tl;dr - Volvo’s 2007-2014 XC90 is a versatile family & woodworking hauler for < $15K, taking 10’ lumber and handling 42" x 78" sheets inside or 42" x 97" cantilevered on tailgate
This is a bit off topic but I thought I’d throw it out in case it helps anyone… By happy accident I discovered the Volvo XC90 SUV, specifically the 3.2L Inline 6 variant made from ~2007 - 2014 makes a great shop friendly and family friendly affordable vehicle.
If you are a woodworker, handyman, outdoorsman or anyone else who has a need to haul lots of people and stuff and needs an affordable and versatile vehicle, I wanted to share my research and ownership experience.
It can take 10 foot or more lumber lengths due to the fact (which I discovered almost by accident) that not only the 2nd and 3rd row seats fold down but the front passenger seat folds forward! In fact, period marketing materials show a full size kayak enclosed on the passenger side. If you live in a wet or cold climate, being able to get your lumber home without exposing it to the elements is nice!
(Found a much better photo of the cargo length with the front seat folded, was buried in the 2013 brochure):
The second row has 40/20/40 seating. This means you can get lumber up the passenger side and still get 1.5-2 people in the back. Or you can put 8’ lumber up the center and carry 2 adults outboard in the back. The third row is 50/50 split, so you can put a kid or a small adult in the “way back” and another in front of them and have the 10’ passenger side clear to the front.
ONE MAN CARGO VAN
Or you can put all the seats down (including front passenger) and have a pretty nice one man cargo van kind of setup. I really haven’t seen anything like it in another vehicle. Keeps you and your material dry, safe and secure and only takes seconds to convert to a 4/5 person family vehicle or 7 passenger in a pinch when the in-laws visit.
The third row disappears in to a flat floor in the cargo area, and it will comfortably take sheets 42" wide by about 78" deep with the tail gate closed. More than big enough for full 30"x30" sheet pieces being hauled home for the Longmill, even if you want to go 30"x60" or more and cut them down at home, the Volvo XC90 will swallow them.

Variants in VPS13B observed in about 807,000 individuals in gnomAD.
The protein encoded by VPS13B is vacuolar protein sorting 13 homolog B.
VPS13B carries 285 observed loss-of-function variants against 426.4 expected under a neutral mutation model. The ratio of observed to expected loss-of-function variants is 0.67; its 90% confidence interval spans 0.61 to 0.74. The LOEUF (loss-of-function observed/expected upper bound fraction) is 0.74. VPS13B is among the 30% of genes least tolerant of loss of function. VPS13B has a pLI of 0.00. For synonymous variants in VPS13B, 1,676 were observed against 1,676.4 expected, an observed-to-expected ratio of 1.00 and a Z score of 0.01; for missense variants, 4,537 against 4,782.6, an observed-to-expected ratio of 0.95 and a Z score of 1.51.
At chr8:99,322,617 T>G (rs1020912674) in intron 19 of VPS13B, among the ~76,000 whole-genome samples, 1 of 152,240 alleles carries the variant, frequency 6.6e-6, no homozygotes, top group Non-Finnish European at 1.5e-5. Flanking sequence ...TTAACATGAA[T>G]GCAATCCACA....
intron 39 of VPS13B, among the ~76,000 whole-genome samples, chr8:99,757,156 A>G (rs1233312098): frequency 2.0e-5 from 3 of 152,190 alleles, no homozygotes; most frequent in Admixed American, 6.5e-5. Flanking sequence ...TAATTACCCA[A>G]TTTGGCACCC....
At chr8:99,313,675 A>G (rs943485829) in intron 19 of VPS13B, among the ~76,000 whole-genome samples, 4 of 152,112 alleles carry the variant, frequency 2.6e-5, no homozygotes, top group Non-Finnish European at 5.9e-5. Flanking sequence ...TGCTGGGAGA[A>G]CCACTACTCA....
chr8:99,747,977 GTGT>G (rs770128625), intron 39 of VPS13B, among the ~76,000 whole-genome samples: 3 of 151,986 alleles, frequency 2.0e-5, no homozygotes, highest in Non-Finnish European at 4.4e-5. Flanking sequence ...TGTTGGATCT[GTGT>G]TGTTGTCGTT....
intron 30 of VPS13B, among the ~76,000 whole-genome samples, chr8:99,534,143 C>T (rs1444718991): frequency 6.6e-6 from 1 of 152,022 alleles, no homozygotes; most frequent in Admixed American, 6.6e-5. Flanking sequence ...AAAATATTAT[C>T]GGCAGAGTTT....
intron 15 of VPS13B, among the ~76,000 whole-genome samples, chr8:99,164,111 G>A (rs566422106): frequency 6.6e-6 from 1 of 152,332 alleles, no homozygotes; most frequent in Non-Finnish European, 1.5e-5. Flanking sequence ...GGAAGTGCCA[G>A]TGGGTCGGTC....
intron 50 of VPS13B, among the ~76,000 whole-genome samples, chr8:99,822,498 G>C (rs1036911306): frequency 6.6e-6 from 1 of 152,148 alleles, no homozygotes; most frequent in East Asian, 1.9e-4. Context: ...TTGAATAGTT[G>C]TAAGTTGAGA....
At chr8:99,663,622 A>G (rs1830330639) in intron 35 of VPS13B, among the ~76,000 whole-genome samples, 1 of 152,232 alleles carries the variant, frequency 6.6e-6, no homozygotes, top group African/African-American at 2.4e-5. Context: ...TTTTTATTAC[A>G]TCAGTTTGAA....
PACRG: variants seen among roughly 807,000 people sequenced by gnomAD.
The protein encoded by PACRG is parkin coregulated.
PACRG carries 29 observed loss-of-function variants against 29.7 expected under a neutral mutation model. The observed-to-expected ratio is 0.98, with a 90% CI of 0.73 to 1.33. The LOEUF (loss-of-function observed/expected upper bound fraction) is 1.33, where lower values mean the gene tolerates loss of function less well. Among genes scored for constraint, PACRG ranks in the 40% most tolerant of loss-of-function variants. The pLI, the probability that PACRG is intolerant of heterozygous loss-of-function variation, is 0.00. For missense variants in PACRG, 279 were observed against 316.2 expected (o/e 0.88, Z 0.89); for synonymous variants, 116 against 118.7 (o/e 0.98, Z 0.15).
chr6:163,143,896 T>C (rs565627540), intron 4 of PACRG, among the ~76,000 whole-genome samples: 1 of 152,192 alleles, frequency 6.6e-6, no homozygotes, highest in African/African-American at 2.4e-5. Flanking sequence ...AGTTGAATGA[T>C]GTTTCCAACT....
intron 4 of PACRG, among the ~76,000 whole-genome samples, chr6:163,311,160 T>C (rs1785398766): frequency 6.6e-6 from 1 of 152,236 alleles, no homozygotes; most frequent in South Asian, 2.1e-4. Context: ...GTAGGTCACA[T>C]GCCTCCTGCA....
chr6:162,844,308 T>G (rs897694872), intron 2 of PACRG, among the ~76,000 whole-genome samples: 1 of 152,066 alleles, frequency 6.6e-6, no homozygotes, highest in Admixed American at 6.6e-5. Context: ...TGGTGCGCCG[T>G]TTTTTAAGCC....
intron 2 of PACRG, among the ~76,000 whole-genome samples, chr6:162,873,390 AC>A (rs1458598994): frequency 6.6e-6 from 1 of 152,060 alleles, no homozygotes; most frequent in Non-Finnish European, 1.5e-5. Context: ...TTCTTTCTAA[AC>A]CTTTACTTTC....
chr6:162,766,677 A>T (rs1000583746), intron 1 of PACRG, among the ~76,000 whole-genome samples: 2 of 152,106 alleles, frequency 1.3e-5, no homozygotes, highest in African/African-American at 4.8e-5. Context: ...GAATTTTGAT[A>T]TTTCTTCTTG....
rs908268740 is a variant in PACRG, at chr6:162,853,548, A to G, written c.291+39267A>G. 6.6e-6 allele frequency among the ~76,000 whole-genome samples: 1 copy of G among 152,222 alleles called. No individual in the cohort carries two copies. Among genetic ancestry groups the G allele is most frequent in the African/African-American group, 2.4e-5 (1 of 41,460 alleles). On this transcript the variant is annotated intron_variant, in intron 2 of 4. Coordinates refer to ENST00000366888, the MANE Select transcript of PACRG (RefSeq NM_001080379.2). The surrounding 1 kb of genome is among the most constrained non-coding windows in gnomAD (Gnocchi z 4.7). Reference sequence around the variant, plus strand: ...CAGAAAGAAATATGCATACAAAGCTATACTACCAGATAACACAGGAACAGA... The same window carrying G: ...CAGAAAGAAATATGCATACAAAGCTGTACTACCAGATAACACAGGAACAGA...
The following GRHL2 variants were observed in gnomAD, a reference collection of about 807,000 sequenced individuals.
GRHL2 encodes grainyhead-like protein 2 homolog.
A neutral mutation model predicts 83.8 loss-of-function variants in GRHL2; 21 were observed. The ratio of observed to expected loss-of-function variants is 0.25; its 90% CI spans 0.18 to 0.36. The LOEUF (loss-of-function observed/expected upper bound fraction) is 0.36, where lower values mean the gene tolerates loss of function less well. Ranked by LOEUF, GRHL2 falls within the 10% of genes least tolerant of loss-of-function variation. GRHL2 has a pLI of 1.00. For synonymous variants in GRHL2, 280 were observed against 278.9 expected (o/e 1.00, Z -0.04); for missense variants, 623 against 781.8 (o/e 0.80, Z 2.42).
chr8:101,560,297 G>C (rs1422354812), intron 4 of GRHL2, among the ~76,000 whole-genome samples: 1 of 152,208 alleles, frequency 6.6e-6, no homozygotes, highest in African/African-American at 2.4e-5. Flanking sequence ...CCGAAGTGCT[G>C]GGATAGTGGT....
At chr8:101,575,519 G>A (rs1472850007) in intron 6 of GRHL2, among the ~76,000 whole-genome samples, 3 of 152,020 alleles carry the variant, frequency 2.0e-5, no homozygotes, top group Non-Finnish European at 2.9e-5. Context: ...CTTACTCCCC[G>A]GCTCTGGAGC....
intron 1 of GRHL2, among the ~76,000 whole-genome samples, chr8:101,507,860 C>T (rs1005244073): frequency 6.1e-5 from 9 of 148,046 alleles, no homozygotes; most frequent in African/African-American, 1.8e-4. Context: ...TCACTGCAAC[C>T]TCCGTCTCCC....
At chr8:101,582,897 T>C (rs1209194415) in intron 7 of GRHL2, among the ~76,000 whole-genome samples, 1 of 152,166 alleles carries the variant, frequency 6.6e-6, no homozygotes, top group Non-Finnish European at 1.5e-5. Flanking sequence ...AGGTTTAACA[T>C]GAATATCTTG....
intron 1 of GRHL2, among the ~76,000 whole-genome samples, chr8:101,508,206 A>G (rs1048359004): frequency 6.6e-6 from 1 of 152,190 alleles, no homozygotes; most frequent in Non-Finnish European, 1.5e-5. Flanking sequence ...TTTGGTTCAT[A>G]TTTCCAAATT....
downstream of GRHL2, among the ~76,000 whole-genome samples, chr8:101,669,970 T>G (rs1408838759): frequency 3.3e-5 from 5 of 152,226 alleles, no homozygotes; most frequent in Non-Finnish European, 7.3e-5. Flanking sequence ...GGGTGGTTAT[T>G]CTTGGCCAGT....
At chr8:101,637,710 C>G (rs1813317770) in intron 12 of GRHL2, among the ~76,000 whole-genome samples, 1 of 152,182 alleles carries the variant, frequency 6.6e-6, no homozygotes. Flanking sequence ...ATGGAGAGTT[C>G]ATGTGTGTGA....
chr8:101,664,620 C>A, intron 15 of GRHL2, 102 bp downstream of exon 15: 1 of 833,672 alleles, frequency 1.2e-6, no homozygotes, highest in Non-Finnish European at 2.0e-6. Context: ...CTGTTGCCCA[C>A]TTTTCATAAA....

SPLIT TAILGATE & 8’ SHEET GOODS
This one is is great - the XC90 has a split tailgate. SUVs used to have these but I can’t find any new models that do now. I came up with a simple 2x6 bed extender that latches on to the latch mechanism for the tailgate and allows me to carry a 97" long x 42" wide sheet (or up to about 5 of them stacked) with the lower split of the gate down. (Extender not shown yet, will add when weather allows a photo).
This way only a single full length rip is required from a full size sheet before it will fit. If your supplier doesn’t have a nice panel saw, these can easily be done with a battery powered circular saw and an edge guide or Kreg rip guide, right in the parking lot on two small saw horses. Then toss the horses and the tools on the floor in front of the second row seat or the passenger floor and away you go.
So, an almost complete MDF or plywood sheet can be moved when the extender is in place. If anyone is interested I’ll take a photo and add it to the thread, but is a similar concept as this:
IF YOU LIKE IT PUT A RING ON IT
There is 12V accessory port in the cargo area and there are metal tie down loops in all four corners of the area. When hauling sheets you can X ratchet straps corner to corner to hold the sheet goods to secure them properly in conjunction with the bed extender. And then use an additional ratchet strap to go from the center of the X up to the lock mechanism on the tailgate, using a metal ring on the end of the ratchet strap to mate to the lock of the tailgate. Nice and secure and removing it only requires operating the tailgate release per normal.
HOW MUCH? AKA DEPRECIATION APPRECIATION
For comparison, a quick search on Autotrader.ca turned up about 75 units nationally in the 2007-2014 year range, for prices ranging from a low of $3,000 to a high of $21,800. These are a niche vehicle and don’t move fast so negotiate aggressively.